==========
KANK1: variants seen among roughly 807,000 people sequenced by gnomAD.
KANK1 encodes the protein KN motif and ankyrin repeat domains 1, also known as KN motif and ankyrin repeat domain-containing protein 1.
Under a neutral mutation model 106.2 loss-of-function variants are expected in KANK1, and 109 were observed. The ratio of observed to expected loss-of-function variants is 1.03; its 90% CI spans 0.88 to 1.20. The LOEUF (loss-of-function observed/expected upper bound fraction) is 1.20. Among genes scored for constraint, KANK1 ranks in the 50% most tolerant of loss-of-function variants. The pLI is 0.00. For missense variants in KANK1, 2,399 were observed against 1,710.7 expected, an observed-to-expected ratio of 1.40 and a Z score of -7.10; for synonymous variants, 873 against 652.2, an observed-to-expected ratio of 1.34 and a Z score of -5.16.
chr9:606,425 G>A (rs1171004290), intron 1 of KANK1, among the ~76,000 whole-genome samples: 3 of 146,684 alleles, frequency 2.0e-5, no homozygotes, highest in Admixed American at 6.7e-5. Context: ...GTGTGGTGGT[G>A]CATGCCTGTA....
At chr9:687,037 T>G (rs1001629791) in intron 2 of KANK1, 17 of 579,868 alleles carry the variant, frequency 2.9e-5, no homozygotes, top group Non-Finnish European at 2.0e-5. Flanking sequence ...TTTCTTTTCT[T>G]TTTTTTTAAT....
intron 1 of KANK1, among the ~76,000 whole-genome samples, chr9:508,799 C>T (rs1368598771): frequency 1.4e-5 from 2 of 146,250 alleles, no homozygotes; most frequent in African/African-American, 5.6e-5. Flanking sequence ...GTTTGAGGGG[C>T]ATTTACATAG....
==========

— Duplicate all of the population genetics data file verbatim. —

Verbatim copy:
KANK1: variants seen among roughly 807,000 people sequenced by gnomAD.
KANK1 encodes the protein KN motif and ankyrin repeat domains 1, also known as KN motif and ankyrin repeat domain-containing protein 1.
Under a neutral mutation model 106.2 loss-of-function variants are expected in KANK1, and 109 were observed. The ratio of observed to expected loss-of-function variants is 1.03; its 90% CI spans 0.88 to 1.20. The LOEUF (loss-of-function observed/expected upper bound fraction) is 1.20. Among genes scored for constraint, KANK1 ranks in the 50% most tolerant of loss-of-function variants. The pLI is 0.00. For missense variants in KANK1, 2,399 were observed against 1,710.7 expected, an observed-to-expected ratio of 1.40 and a Z score of -7.10; for synonymous variants, 873 against 652.2, an observed-to-expected ratio of 1.34 and a Z score of -5.16.
chr9:606,425 G>A (rs1171004290), intron 1 of KANK1, among the ~76,000 whole-genome samples: 3 of 146,684 alleles, frequency 2.0e-5, no homozygotes, highest in Admixed American at 6.7e-5. Context: ...GTGTGGTGGT[G>A]CATGCCTGTA....
At chr9:687,037 T>G (rs1001629791) in intron 2 of KANK1, 17 of 579,868 alleles carry the variant, frequency 2.9e-5, no homozygotes, top group Non-Finnish European at 2.0e-5. Flanking sequence ...TTTCTTTTCT[T>G]TTTTTTTAAT....
intron 1 of KANK1, among the ~76,000 whole-genome samples, chr9:508,799 C>T (rs1368598771): frequency 1.4e-5 from 2 of 146,250 alleles, no homozygotes; most frequent in African/African-American, 5.6e-5. Flanking sequence ...GTTTGAGGGG[C>T]ATTTACATAG....